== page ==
“If you don’t feel that we’re being bullied a little bit on this, then you’re not paying attention,” Wells said during a selectmen meeting Tuesday, February 27. “… They’re trying to put us in a headlock, and squeeze us until we cry uncle.”

But another selectman said Milton has no proper defense against state officials.

“They have every right to take away every single discretionary grant that they have put forth,” said Erin Bradley, a member of the board of selectmen. “… They can do whatever they want, because you know what? They are the state. And we, the town of Milton, have to actually comply with state laws.”

Michael Zullas, chairman of the board of selectmen, said he plans to write a letter to state officials requesting a delay in withholding of state funds for at least three months after a judge issues an injunction against the town in the case, giving town officials time to comply.


How It Got To This Point

Milton is a town of about 28,000 that borders Boston to the south.

While a portion of Milton is served by public transportation, the vast majority of the town isn’t.

The Mattapan Trolley starts in the Dorchester neighborhood of Boston and runs south and then southwest into Milton, runs along the northern border of Milton, and then crosses into the Mattapan neighborhood of Boston. It has four stops in Milton. All are near the northern edge of the town.

Source: Massachusetts Bay Transportation Authority.  The Neponset River is the border between the town of Milton and the city of Boston neighborhoods of Dorchester and Mattpan.


State guidelines call for the town to allow at least 2,461 units in a district the majority of which is within a half-mile of the trolley stops.

Milton town officials say the town has limited area within a half-mile of those stops that can be developed, but that East Milton Square, which is more than a mile and a half away from the trolley, is more suitable because it has many amenities and is a candidate for redevelopment.

The Milton Planning Board balked at proposing a re-zoning plan, according to the attorney general’s complaint. In September 2023, the town’s selectmen referred a proposed zoning bylaw to the planning board, which eventually went to Town Meeting.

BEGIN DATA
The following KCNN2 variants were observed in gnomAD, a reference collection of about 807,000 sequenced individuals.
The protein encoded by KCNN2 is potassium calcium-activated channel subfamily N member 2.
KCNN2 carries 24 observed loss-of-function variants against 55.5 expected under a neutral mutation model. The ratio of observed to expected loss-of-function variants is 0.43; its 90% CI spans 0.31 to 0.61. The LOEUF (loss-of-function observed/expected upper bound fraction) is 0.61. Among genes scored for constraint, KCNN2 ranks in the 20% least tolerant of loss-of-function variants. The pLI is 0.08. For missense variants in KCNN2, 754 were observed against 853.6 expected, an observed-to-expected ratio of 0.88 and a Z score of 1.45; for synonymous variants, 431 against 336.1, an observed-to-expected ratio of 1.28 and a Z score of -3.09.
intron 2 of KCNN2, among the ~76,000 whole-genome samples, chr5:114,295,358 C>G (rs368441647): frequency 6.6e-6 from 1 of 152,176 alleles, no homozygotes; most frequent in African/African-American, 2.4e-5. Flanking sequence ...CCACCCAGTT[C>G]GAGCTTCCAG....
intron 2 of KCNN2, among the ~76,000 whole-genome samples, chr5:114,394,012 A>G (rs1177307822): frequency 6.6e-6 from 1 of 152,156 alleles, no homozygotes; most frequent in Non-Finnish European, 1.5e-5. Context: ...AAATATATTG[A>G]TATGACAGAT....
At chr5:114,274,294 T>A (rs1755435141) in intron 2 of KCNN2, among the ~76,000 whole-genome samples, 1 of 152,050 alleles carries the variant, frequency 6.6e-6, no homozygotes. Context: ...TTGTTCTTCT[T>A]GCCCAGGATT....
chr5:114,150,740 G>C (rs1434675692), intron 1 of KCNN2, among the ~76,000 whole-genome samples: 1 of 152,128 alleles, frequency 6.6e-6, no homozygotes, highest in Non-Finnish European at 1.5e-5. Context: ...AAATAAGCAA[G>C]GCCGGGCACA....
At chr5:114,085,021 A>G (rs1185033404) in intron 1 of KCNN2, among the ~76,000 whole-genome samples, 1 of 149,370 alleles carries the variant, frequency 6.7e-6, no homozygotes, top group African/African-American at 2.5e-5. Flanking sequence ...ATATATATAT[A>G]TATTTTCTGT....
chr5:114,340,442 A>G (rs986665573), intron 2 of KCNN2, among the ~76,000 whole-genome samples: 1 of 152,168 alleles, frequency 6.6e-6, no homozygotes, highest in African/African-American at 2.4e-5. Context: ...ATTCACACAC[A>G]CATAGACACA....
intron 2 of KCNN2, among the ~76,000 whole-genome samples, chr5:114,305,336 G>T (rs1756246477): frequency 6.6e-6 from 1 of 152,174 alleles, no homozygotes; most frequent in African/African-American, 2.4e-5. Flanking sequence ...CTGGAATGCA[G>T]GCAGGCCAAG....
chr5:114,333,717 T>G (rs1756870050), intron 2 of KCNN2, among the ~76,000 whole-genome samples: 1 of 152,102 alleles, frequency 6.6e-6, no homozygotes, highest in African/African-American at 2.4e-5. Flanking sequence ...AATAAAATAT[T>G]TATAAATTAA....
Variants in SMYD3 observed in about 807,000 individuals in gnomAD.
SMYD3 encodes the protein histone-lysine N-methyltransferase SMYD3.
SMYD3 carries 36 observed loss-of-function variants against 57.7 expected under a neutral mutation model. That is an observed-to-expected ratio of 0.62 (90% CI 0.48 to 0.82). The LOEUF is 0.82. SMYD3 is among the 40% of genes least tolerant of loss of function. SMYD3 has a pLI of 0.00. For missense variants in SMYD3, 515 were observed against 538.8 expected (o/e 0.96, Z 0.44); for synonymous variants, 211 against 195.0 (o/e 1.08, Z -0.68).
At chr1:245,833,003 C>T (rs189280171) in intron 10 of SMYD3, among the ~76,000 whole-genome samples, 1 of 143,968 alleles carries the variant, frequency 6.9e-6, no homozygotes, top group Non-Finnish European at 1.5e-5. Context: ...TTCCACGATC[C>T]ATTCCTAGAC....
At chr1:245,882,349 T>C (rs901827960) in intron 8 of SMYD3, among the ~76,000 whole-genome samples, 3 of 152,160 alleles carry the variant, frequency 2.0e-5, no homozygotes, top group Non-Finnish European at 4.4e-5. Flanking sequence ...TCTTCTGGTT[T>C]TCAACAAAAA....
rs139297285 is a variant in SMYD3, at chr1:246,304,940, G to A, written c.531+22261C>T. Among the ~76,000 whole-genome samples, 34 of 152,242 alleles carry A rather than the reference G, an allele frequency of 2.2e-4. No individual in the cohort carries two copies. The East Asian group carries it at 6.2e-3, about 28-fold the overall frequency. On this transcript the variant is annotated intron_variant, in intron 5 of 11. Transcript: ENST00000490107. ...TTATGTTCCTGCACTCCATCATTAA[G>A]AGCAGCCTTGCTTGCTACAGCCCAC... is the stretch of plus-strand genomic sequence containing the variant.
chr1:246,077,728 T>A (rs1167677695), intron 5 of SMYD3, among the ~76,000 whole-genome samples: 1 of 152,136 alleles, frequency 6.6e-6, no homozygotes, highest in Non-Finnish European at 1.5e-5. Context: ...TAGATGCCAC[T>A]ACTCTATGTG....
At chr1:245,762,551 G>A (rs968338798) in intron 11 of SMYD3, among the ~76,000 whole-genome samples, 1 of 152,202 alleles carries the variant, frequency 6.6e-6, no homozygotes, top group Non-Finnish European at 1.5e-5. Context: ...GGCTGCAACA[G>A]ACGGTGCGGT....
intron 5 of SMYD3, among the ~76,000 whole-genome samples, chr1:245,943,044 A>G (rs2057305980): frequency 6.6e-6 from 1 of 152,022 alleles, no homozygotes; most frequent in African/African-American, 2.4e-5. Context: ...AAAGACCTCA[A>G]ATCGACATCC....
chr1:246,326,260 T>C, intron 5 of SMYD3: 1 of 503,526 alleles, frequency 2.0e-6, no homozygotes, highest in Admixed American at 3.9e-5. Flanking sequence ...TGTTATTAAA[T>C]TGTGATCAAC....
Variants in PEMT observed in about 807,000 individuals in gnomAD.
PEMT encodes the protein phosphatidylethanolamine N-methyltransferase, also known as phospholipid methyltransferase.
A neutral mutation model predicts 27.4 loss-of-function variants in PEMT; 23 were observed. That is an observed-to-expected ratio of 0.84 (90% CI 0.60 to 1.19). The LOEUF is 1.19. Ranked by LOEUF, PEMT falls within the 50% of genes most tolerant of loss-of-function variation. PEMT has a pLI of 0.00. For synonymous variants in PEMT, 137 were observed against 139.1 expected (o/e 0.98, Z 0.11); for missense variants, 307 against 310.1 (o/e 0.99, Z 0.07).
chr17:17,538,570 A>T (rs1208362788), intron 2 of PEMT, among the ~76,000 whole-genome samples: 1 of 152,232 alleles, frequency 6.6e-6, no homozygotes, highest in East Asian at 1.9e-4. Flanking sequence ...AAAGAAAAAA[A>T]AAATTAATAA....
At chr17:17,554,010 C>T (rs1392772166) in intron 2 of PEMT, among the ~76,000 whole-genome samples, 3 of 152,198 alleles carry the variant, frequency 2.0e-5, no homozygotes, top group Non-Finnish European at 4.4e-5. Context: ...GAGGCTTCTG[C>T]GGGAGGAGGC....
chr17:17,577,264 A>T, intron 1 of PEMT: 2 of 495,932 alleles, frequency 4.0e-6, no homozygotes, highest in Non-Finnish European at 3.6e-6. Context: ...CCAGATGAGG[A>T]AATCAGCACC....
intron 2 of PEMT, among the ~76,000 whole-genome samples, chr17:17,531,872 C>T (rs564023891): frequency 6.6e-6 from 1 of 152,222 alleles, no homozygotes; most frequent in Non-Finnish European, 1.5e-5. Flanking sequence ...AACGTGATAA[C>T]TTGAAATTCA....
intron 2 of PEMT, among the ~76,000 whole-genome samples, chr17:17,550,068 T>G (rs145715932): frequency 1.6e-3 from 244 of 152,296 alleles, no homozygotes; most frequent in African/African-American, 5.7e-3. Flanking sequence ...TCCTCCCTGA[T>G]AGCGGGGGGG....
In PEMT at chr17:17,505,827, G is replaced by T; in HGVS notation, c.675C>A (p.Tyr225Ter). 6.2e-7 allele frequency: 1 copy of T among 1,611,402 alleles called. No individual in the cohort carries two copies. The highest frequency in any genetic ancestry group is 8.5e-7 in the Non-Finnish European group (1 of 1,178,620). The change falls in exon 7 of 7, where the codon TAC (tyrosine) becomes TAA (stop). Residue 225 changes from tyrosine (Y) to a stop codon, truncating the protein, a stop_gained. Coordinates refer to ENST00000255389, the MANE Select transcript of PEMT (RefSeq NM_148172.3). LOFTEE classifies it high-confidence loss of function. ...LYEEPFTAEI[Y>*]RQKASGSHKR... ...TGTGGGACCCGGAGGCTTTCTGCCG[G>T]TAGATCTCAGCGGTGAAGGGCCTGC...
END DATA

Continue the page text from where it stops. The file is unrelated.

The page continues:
Milton has a representative Town Meeting form of government. In Milton, 279 elected members of Town Meeting function as the town’s legislature, while the town’s five-member board of selectmen oversees day-to-day affairs.

On December 11, 2023, representative Town Meeting approved the rezoning scheme 158-76. But opponents pressed for a townwide special election on the proposal. On February 14, Milton voters rejected the rezoning proposal; it failed, 46 to 54 percent.

State officials see much at stake in the Milton re-zoning case, because it may determine whether other towns and cities in eastern Massachusetts comply with the state’s housing requirements.

Governor Healey said Milton needs to comply with the MBTA Communities Act because of what she called “the housing crisis” in Massachusetts.

“I strongly support the lawsuit. The law is clear, and it needs to be enforced,” Healey said Tuesday during an interview on Boston Public Radio (at 28:10 of the WGBH audio).

“The referendum vote was disappointing to me. And I also was clear that there would be consequences for that — specifically, withholding of funding for state grants,” Healey said.

She said administration officials will try to work out a new plan with Milton officials.

“But the message should be clear to every community out there that we meant what we said in terms of compliance and enforcement,” Healey said.


New to NewBostonPost? Conservative media is hard to find in Massachusetts. But you’ve found it. Now dip your toe in the water for two bucks — $2 for two months. And join the real revolution.